CEOs Explain How They Gender-Balanced Their Boards  

4 December 2017:

For the first time in eight years, the percent of women on U.S. corporate boards declined last year. Despite more evidence about the benefits of the increasing the number women on boards (such as better decision making), and mounting pressure from groups like State Street Global Advisers and Blackrock to do so, the data suggest it will take until the end of 2055 to have board parity in the U.S. if we continue at the current rate.

This is where CEOs can help. Board appointments are highly influenced by CEOs, and they can do a better job of advocating for getting more women on the board. Fortunately, some are leading the way.

We interviewed CEOs who successfully reached board parity to learn how they did it. We recruited our sample from the 36 companies in the S&P500 that have at least 40% women board directors. We interviewed 15 CEOs and one board member who served as the “nomination and governance chair” from these companies. The companies in the sample had an average of 49.8% women on their boards.

We asked these “Champions” three simple questions: what are the benefits of board gender parity, why don’t other CEOs take these steps, and how did you do it? We also surveyed 20 of their board members about their reactions to serving on a more gender diverse board. In addition to these leaders, I spoke with six CEOs, along with one “nomination and governance chair,” from companies in the S&P 500 with boards made of 20% female directors, to compare how their perspectives were different.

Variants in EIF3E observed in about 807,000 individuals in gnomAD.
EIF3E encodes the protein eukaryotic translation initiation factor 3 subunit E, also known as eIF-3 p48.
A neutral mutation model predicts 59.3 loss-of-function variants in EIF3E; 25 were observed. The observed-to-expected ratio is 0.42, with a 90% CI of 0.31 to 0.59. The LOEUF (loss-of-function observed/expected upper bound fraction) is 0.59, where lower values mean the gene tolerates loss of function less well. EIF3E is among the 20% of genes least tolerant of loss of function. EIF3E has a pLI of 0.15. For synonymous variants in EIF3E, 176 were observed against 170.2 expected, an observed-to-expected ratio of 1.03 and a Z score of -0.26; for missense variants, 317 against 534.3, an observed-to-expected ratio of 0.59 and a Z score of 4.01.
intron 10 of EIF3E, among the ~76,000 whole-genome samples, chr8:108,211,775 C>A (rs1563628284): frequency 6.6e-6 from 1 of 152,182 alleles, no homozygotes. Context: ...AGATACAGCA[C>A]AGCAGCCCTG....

The Champions* said that in their experience, most CEOs and board members fail to take the actions needed to increase gender diversity because of fear of change or risk of failure. This reminded us of the psychological concept of “regulatory focus,” which suggests people pursue goals in one of two ways: people with a strong “promotion” focus are motivated by what they have to gain, while people with a strong “prevention” focus are motivated to protect what they might lose.

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Source: Harvard Business Review

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